“What goes around comes around.” This saying applies to a great many things in life. If you’re nice to other people, other people are likely to be nice to you. If you help a friend when they’re down, that friend is likely to help you when you need it most. If you pound a tetherball as hard as you can, that tetherball is likely to fly around the pole and smack you in the face. And now, I’ve had two motorcycles come back to me, too.
The Suzuki Savage, a.k.a. LS650, a.k.a. Boulevard S40, is a small cruiser – too small for me, to be honest. Yet it’s an excellent and popular choice for smaller riders, particularly new ones. It’s low enough for them to flat-foot, and light enough (381lbs wet) to not feel overwhelming after the small 125s and 250s of the MSF course. Yet unlike another short rider favorite, the Honda Rebel, the Savage’s 650cc single cylinder engine provides adequate power for all types of riding, including the highway. My old CM250 Custom, on which the Rebel is based, would have Scotty call me from the engine room and say “I’m givin’ ‘er all she’s got, Captain!” as I tried to maintain the speed limit on the interstate. It was for these reasons that a number of years ago my girlfriend at the time, Pam, bought a 1986 Savage off Craigslist.
She got it for a song because it was in non-running condition. The previous owner was completely honest about having run out of oil on the Maine Turnpike, and it had never run since. But the engine wasn’t seized, either, so we figured there was hope. The tires were old and dry rotted, so she replaced those. Because Pam had no motorcycle license when we started this adventure (she later took the MSF course, as all new riders should), she couldn’t get insurance for the bike to register it. That seems kind of backwards to me – how else are you supposed to get the experience to be a safe rider besides riding? But that’s the way it was. So we registered and insured it in my name instead. I already owned and insured my Honda Silverwing, so we just added it to my policy.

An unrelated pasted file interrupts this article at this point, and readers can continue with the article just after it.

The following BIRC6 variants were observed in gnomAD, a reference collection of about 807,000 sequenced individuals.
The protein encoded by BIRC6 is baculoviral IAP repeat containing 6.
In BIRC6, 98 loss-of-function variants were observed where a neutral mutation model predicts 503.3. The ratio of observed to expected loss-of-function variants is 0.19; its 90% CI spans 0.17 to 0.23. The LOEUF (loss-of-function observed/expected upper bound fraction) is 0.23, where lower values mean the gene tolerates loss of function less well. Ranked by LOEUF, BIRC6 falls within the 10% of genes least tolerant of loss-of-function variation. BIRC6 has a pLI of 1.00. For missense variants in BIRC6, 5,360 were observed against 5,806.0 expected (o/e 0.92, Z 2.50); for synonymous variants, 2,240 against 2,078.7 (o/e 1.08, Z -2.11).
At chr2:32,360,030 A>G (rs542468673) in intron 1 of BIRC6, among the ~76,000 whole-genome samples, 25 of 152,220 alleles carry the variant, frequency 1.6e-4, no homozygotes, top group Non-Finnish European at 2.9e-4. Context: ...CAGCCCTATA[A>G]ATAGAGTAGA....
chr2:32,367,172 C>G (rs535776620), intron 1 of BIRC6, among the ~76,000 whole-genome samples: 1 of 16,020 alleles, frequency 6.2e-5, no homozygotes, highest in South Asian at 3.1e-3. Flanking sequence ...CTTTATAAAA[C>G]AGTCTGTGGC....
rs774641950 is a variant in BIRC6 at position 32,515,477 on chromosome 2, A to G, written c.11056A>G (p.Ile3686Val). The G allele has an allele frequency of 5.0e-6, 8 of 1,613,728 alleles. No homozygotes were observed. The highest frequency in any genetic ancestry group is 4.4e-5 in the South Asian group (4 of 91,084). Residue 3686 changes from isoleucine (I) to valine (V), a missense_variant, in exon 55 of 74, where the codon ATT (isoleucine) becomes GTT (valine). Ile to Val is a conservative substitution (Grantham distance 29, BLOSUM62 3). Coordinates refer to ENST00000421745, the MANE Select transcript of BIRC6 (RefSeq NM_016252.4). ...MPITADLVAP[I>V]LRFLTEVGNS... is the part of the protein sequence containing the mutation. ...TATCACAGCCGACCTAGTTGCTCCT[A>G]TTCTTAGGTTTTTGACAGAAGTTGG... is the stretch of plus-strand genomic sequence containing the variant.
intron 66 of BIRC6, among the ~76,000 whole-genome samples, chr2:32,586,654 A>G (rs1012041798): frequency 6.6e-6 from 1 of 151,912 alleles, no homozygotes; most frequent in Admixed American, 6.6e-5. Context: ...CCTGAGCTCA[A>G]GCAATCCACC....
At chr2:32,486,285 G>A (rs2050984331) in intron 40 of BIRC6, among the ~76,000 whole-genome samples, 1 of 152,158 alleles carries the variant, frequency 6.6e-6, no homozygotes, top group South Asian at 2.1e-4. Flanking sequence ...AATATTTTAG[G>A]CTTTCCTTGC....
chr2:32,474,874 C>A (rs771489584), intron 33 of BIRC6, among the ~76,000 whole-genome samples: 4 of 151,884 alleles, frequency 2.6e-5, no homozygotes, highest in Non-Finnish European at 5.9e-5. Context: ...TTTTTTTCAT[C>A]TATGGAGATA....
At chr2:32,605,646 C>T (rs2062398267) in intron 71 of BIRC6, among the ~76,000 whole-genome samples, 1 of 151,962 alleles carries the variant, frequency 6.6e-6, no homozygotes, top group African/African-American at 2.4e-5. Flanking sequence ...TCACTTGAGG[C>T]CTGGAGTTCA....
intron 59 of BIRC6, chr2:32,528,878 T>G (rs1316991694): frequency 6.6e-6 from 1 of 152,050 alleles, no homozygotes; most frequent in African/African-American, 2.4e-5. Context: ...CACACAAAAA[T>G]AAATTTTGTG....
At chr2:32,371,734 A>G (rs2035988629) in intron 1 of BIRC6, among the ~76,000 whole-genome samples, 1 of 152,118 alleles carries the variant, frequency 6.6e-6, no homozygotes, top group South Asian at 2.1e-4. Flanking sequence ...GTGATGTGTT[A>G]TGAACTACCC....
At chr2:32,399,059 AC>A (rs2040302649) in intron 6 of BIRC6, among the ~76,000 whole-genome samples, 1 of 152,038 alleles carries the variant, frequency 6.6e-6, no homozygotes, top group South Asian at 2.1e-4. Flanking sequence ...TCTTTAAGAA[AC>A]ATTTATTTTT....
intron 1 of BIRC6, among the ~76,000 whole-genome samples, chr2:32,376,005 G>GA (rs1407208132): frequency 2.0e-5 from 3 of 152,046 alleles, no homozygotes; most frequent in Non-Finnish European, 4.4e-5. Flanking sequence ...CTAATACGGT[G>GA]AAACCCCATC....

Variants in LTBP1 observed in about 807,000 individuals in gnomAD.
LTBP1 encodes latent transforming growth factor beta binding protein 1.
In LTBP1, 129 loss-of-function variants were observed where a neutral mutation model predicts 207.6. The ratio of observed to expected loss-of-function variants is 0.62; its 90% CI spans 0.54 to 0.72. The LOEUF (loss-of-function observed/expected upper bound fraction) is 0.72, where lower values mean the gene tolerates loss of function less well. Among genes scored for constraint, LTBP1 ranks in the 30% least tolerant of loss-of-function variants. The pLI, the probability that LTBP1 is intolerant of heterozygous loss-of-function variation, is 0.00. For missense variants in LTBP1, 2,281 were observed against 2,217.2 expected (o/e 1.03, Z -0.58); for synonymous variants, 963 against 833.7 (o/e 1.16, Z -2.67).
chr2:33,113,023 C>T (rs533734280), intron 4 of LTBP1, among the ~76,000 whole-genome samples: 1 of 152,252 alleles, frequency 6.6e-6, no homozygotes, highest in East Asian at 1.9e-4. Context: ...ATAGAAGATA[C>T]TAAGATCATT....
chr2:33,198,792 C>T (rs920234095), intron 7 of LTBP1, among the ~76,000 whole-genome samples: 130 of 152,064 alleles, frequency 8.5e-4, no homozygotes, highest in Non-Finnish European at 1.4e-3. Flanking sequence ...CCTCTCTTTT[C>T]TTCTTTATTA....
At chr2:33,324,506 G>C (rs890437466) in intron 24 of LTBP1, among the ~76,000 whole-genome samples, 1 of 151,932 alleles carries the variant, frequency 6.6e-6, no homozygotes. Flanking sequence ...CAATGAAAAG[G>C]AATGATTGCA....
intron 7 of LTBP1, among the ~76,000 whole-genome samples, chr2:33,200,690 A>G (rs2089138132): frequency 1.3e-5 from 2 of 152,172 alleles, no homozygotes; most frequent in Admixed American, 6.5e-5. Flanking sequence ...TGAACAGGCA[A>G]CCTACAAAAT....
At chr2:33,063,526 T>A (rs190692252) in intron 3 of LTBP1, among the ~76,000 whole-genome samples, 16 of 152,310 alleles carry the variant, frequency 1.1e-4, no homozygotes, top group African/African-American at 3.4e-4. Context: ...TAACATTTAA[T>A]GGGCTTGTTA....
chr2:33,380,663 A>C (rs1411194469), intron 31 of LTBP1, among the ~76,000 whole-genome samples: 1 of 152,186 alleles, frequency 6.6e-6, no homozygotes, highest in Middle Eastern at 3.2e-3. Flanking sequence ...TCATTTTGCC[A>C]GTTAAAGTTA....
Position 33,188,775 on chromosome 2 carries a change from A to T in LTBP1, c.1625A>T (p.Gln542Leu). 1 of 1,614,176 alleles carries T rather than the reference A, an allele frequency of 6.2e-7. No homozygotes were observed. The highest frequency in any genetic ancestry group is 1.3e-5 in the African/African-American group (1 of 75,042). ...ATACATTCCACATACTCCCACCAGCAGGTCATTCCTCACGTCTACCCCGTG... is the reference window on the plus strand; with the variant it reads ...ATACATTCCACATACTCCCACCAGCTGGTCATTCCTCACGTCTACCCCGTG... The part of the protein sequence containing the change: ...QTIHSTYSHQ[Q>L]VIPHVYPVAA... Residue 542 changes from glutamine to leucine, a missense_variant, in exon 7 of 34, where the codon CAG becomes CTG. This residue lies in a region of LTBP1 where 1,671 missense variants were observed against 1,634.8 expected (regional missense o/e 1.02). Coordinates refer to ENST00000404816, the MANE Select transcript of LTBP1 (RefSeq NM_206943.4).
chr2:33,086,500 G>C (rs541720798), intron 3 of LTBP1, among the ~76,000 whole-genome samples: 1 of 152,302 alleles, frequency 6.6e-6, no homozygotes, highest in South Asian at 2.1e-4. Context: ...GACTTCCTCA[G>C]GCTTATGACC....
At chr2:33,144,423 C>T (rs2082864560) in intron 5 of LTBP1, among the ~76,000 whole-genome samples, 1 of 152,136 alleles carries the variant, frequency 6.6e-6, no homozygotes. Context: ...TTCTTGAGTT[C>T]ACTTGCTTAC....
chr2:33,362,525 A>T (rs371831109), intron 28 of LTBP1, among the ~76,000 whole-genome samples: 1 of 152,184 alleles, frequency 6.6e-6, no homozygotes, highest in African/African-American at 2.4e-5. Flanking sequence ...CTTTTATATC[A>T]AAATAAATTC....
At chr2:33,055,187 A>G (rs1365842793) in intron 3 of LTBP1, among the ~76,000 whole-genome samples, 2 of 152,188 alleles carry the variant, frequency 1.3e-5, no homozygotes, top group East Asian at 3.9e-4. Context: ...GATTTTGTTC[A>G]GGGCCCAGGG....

Meanwhile, I’d brought the Savage over to a nearby biker buddy’s house, who was convinced that we could rebuild it together in his garage. It’s like an oversized lawn mower single cylinder lawn mower engine. It’s so small that it fit in the trunk of my Miata for transport to the machine shop to get the cylinder rebored for a +1 size piston. How hard could it be?
We were only a couple of miles away from this place that the internet has made famous. Yes, Hussey’s General Store really exists in Windsor, Maine, where my friend lives. They have an excellent hardware section, which we raided more than once to replace rusted or busted bolts and such.
A year passed, consisting mostly of not working on the bike, and goofing off while we were. There was frequently cold beer involved (we were close to Hussey’s, after all). My friend also had a sweet R/C car track, which was a frequent distraction.
As you might expect, the work on the motorcycle (there was a motorcycle here?) was haphazard at best. Eventually, pretty much when my friend finally wanted that part of his garage back, we got it all back together again. And with a bit of cranking, it started, and it actually ran! Mission accomplished.
I broke down halfway home when the freshly rebuilt motor let the magic smoke out. A lot of smoke. It never ran again.